In late January, Rich Cho and the Charlotte Hornets faced their most important decision of the 2014-15 season. Star point guard Kemba Walker had just got done with a knee injury and was expected to miss more than a month. After a horrid start to the season, the Hornets had picked up their play once the New Year began. The offense was still stagnant but Steve Clifford's defense had finally come alive.
Walker's injury was just the latest in a series of mishaps for this team. It seemed like every player on the roster either had been hurt or was hurt. With the combination of a brief renaissance in January and playing in the Eastern Conference, the Hornets were still in the thick of the playoff race when Kemba went down.
The question facing the front office was complicated. With the failure of the Lance Stephenson signing pretty evident even three months into the year and the rash of injuries, was this a lost season? Should the Hornets just play the lottery game and see if they can add a rotational player to a team who's talent was greater than its record? Or, as the trade deadline approached, should they make a deal to continue their playoff push?
After almost a decade of futility as the Bobcats, the last team wearing that moniker provided this basketball community a mixture of hope and excitement. Last season's result likely fueled Cho and the front office's decision to make the playoff push.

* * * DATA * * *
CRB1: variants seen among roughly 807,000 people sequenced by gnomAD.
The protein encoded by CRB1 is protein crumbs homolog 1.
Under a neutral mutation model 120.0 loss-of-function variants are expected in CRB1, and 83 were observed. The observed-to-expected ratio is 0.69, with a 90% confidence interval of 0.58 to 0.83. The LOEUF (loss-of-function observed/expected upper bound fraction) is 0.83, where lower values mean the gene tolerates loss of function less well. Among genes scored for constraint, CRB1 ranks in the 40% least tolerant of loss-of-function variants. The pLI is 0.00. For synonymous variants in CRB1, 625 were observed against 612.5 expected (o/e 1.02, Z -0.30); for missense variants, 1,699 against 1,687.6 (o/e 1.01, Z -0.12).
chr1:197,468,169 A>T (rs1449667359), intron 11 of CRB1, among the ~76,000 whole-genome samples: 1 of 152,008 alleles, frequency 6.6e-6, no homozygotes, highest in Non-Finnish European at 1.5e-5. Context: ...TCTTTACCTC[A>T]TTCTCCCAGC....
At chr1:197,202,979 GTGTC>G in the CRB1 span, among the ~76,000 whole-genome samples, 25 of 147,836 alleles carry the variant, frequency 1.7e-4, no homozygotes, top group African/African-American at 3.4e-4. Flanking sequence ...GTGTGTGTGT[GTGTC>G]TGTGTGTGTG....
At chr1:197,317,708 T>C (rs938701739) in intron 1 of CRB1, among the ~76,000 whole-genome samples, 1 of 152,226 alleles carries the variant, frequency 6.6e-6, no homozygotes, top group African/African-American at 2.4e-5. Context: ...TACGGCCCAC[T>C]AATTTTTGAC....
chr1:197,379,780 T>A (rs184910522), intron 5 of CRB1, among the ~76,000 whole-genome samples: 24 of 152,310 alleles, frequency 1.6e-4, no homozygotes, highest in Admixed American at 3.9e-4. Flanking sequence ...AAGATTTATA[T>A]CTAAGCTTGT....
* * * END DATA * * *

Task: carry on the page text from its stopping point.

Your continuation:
On February 10, the Charlotte Hornets traded Gary Neal and a 2019 second-round draft pick to the Minnesota Timberwolves in exchange for Mo Williams and Troy Daniels.
Williams was acquired in early February and was immediately given the reins to the offense. His first outing for the Hornets, he tallied a 24-point, 12-assist double-double. This fanbase fell in love, and fast.
In his first 10 games in a Charlotte uniform, Mo scored 20 or more points seven times. His 28.8 percent usage rate in his 27 games in Charlotte was the highest of his career.
Mo's peak this season was the first week of March when he earned Eastern Conference Player of the Week. During that March 2 to March 8 timespan, Williams averaged 19.5 points and 10.8 assists with a 43 percent field goal percentage while the Hornets posted a 4-0 record for the week.
Williams scored in double-figures in 22 of his 27 games here, with 10 games of 20 or more and five doubles-doubles.
His play and the city's love for him tailed off as the season went on. Mo finished with averages of 17.2 points, 6.0 assists in 30.8 minutes per game for the Hornets, starting 14 of his 27 contests. His shooting was on point for what this team needed at first but that en fuego style didn't stay, he finished with shooting splits of 39-34-89.
As I mentioned before, Mo Williams was a Hornets heartthrob when he first arrived here. His played tailed off however over the last few weeks of the season. Williams was acquired on February 10 and Kemba Walker returned from his knee injury on March 11. Mo had a month, 10 games to be exact, to have full run of the Hornets offense. These are his averages before and after Kemba's return:
Before: 21.4 PPG, 8.5 APG, 44 FG%, 35.1 MPG; Record: 6-4